DNA Tests and Genetic Diversity
DNA testing can provide an enormous wealth of information and new discoveries in the field continue to amaze and surprise many people. Recently, research in DNA found that the genes of a person from Europe are sufficient to actually determine their ancestry in such detail, that we can identify their home country.
In this interesting study, two research teams 'mapped' out Europe and investigated the genomes of a population. Their findings were yet another testament to the power of DNA in terms of what we can discover about humans and our ancestry. No doubt, the research can also lead to commercial opportunities and more detailed investigation into the role of DNA in genealogy.
Investigating Using DNAIn fact, two recent studies have confirmed these findings. Yet, how is this accomplished? Researchers were able to read individual letter DNA differences in thousands of people in Europe. By doing so, they believe they can differentiate between someone who is British and someone who is German, for instance.
Imagine that your DNA can be used to narrow down to where you were born. It's a fascinating accomplishment that can impact everyone. It starts with a map – a genetic one that is constructed after sequencing the genomes of a population.
In essence, the researchers created an interesting genetic map, which is an accurate reflection of the geographic map of Europe in its entirety. The researchers concluded that our geography matters a great deal more than we might normally think. Even with various genetic differences relating to language and relationships, the key differences revolved around specific parts of a person's DNA.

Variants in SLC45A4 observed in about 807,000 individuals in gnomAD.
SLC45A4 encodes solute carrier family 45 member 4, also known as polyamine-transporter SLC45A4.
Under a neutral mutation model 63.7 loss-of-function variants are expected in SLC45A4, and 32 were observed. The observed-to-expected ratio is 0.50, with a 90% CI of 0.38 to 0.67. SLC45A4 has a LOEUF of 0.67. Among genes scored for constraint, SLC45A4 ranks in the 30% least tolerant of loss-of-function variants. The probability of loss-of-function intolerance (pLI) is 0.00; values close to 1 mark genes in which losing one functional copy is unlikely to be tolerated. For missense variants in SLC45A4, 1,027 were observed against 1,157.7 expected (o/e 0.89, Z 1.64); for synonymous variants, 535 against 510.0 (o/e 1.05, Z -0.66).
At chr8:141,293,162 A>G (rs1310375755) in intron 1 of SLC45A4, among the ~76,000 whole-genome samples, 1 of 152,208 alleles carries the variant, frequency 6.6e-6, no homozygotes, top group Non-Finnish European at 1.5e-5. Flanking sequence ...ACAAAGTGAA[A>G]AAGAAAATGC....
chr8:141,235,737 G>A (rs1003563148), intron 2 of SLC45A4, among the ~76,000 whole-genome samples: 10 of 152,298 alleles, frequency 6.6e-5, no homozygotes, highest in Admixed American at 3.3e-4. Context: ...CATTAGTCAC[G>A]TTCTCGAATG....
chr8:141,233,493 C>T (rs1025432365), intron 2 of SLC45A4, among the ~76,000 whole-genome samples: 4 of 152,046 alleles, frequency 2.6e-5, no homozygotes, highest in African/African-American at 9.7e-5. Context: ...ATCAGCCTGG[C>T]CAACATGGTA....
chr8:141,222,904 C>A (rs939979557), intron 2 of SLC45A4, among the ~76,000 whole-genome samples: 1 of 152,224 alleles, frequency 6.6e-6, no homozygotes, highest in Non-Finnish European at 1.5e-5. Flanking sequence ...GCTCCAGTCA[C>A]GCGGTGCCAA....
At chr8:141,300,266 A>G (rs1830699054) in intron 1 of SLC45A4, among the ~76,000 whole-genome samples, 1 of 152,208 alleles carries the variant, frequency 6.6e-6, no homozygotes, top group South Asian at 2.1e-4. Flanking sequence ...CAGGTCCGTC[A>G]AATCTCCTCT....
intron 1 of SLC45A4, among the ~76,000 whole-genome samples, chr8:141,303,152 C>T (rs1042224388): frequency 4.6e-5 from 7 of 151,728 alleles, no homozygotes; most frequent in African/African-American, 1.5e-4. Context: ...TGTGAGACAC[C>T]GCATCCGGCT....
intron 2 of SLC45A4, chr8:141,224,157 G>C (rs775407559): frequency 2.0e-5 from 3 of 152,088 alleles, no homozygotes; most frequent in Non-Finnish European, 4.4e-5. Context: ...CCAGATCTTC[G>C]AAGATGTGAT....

Looking at the DifferencesThe research originally began when two teams investigated hundreds of thousands of some key genetic variations called single nucleotide polymorphisms. They looked at these variations in the genetic profiles of more than twenty countries. Each team work separately but shared DNA samples.
To look at two genomes though, the teams used a maths approach that involved channelling these hundreds of thousands of variations into two key coordinates. On the coordinates, a person's genetic profile would be a single point. The further away two points were from one another, then the larger the difference in their genetic profiles.
Putting the Data TogetherAfter all these genetic profiles were plotted onto a graph that included each person's native country, an interesting map of Europe resulted. The nearer two people lived, the more similar their DNA.
Researchers also discovered that there was less genetic diversity in Britons and Scandinavians than those in southern Europe. When they looked at migration patterns in Europe, it all seemed logical.